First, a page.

Scottish independence is not an issue of support for or opposition to Alex Salmond, but I fear it will develop as such. Personalities always emerge as an influential factor, hiding the true facts and objective arguments from our gaze. One MSP has already stated that not supporting the SNP is an expression of anti-Scottishness which, in my view, was a very clumsy attempt at dragging the whole debate down to its lowest common denominator. Alex Salmond has already given us some clues as to his approach by reference to the bullying by Westminster and the interference of David Cameron in an attempt to polarise views on emotive arguments not the facts.

I intend to ensure that I will make up my mind on the merits of Scottish independence on the basis objective arguments not on antagonistic feelings that have their roots in an irrelevant history. Where history does have relevance is the fact that a 300-year-old unity has been to the benefit of the whole of the UK and should not be undone without very good reason.

What might those reasons be? At this stage I am unsure but what I am sure about is that it will centre on such issues as: the legal rights to north sea oil, a Scottish currency and the setting of interest rates, sharing out of national debt, defence and protection of borders, nuclear deterrents, and diminished presence in the UN. These issues, and others are critical to any decision as, combined, they give us the model for government that would emerge and on which we can all express a view. I fear this will not be encouraged from the SNP who will attempt to throw a cloak of invisibility over the arguments especially where they do not suit their purposes. Cameron has already spotted this danger by referring to Salmond’s “neverendum” which he clearly feels is the tactic of keeping the arguments going to wear people down and work out the future as you go along rather than creating the vision from the outset. The lack of clarity is the greatest danger that we face and accepting that I will have no vote in the referendum I nevertheless have a very strong interest in the outcome.

I get the feeling that the Devo Max option is being promoted as the consolation prize but in my view it does actually represent the goal that the SNP holds dear given that they know a positive vote on independence is unlikely. However, the Devo Max option is far from straight forward and is a recipe for further future conflict which plays into the hands of Salmond and his colleagues. It offers power without responsibility. How can anybody be asked to vote on an issue so important without all the facts at their disposal?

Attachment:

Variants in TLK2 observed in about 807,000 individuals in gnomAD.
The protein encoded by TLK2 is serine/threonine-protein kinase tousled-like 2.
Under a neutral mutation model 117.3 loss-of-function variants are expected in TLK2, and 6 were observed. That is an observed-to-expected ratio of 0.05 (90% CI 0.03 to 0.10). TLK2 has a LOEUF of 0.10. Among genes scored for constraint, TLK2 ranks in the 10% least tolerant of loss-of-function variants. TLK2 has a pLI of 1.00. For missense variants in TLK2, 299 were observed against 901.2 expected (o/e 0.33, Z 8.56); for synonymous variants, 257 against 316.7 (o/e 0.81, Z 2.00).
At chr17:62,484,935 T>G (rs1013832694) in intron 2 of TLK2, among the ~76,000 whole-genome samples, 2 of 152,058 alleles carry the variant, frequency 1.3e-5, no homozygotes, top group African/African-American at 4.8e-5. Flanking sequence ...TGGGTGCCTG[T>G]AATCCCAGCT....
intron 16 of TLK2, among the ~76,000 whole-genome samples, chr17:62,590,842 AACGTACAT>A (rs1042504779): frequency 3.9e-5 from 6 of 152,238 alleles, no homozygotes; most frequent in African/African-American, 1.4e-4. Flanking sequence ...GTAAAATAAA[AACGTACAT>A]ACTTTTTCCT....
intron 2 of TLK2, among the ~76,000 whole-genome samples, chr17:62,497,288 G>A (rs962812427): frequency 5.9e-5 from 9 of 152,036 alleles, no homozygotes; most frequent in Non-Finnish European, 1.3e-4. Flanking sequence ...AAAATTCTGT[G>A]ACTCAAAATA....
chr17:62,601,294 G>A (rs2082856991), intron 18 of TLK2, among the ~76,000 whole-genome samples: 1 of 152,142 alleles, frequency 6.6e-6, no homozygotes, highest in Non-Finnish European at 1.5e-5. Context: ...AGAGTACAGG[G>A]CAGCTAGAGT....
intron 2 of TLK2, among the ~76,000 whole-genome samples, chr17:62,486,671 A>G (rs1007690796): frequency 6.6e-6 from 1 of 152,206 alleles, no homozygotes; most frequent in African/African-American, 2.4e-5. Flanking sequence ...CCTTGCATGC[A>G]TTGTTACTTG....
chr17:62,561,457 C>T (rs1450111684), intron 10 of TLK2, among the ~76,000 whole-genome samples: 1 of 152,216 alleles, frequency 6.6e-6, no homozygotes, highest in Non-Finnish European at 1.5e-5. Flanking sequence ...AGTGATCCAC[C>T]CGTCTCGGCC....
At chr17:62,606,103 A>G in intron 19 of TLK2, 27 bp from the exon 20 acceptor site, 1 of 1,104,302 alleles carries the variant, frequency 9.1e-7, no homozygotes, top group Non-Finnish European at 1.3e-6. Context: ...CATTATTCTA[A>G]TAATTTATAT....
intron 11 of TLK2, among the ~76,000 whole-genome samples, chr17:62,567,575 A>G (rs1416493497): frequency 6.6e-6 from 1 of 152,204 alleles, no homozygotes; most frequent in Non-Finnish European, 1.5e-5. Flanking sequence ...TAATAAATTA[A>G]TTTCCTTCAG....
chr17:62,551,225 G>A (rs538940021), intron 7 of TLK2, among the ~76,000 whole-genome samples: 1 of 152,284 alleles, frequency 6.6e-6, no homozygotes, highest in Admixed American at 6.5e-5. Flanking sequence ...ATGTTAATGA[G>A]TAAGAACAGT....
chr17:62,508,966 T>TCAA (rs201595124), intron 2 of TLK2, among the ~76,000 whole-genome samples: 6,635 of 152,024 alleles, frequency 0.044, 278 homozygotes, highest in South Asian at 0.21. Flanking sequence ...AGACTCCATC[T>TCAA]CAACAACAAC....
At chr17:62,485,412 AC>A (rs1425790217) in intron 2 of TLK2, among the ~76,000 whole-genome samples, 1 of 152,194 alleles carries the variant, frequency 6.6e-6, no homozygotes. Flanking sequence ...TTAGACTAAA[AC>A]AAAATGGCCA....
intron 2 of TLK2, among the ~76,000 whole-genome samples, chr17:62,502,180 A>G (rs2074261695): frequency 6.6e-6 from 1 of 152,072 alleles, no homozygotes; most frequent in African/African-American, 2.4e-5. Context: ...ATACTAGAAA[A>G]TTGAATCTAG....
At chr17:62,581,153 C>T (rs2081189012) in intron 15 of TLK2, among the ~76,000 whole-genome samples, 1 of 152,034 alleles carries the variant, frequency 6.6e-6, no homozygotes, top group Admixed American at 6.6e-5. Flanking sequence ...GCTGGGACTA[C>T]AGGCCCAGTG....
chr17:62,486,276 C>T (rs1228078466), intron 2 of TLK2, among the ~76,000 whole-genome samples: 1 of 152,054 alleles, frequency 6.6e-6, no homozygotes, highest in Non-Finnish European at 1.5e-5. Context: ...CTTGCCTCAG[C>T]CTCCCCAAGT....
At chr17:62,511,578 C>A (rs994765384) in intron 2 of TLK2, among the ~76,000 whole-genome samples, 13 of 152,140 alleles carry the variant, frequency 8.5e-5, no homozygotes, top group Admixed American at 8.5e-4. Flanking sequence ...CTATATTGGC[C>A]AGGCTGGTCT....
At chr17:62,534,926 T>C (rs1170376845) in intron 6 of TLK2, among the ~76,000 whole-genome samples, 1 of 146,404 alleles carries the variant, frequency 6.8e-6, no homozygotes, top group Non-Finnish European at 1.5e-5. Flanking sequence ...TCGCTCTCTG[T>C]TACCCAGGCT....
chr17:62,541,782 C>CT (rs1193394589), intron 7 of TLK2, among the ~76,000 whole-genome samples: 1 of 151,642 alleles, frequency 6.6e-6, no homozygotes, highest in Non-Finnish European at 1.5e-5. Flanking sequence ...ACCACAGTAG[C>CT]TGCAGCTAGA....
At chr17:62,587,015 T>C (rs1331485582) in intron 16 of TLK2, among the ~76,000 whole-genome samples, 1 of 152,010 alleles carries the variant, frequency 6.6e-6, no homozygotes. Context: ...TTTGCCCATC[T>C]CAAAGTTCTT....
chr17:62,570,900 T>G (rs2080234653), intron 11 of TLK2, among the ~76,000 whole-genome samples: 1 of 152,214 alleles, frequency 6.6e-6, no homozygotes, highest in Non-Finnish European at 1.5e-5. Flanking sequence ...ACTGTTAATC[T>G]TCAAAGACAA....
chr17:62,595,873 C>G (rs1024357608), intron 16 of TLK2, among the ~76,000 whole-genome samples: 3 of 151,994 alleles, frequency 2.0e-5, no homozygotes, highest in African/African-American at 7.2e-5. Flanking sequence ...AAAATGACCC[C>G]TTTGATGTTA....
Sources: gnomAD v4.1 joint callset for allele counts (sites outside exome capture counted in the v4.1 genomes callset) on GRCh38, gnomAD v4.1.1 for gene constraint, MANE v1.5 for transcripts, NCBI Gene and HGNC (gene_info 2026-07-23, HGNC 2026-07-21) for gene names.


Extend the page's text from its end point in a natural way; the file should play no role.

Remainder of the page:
We all have preconceived notions on this topic. I am unashamedly in favour of retaining a United Kingdom but am willing to be convinced that it would be in everybody’s interest for Scotland to go its own way

Print

Employee Relations


stockvault-electronics-lab116783To add a little humour to the start of the New Year Silverlinker "Alnwick" a very experienced Manager felt this would appeal to readers and perhaps even strike a chord. They are quotations taken from US Federal Government employee assessments. 
1. "Since my last report, this employee has reached rock bottom and has started to dig."
2. "I would not allow this employee to breed."
3. "This employee is really not so much of a has-been, but more of a definite won't be."
4. "Works well when under constant supervision and cornered like a rat in a trap."
5. "When she opens her mouth, it seems that it is only to change feet."
6. "He would be out of his depth in a parking lot puddle."
7. "This young lady has delusions of adequacy."
8. "He sets low personal standards and then consistently fails to achieve them."
9. "This employee is depriving a village somewhere of an simpleton."
10. "This employee should go far, and the sooner he starts, the better."
11. "Got a full 6 pack, but lacks the plastic thingy to hold it all together."
12. "A gross ignoramus 144 times worse than an ordinary ignoramus."
13. "He doesn't have ulcers, but he's a carrier."
14. "I would like to go hunting with him sometime."
15. "He's been working with glue too much."
16. "He would argue with a signpost."
17. "He brings a lot of joy whenever he leaves the room."
18. "When his IQ reaches 50, he should sell."
19. "If you see two people talking and one looks bored, he's the other one."
20. "A photographic memory but with the lens cover glued on."
21. "A prime candidate for natural de-selection."
22. "Donated his brain to science before he was done using it."
23. "Gates are down, the lights are flashing, but the train isn't coming."
24. "He's got two brains cells , one is lost and the other is out looking for it."
25. "If he were any more stupid, he'd have to be watered twice a week."
26. "If you give him a penny for his thoughts, you'd get change."
27. "If you stand close enough to him, you can hear the ocean."
28. "It's hard to believe he beat out 1,000,000 other sperm."
29. "One neuron short of a synapse."
30. "Some drink from the fountain of knowledge; he only gargled."
31. "Takes him 2 hours to watch '60 minutes"
32. "The wheel is turning, but the hamster is dead."
They remind me of a phrase used on a school report during my teaching days by one of my colleagues at the time
"frequently in water of his own boiling" - something that teachers probably can't get away with these days.

Please login to make comments.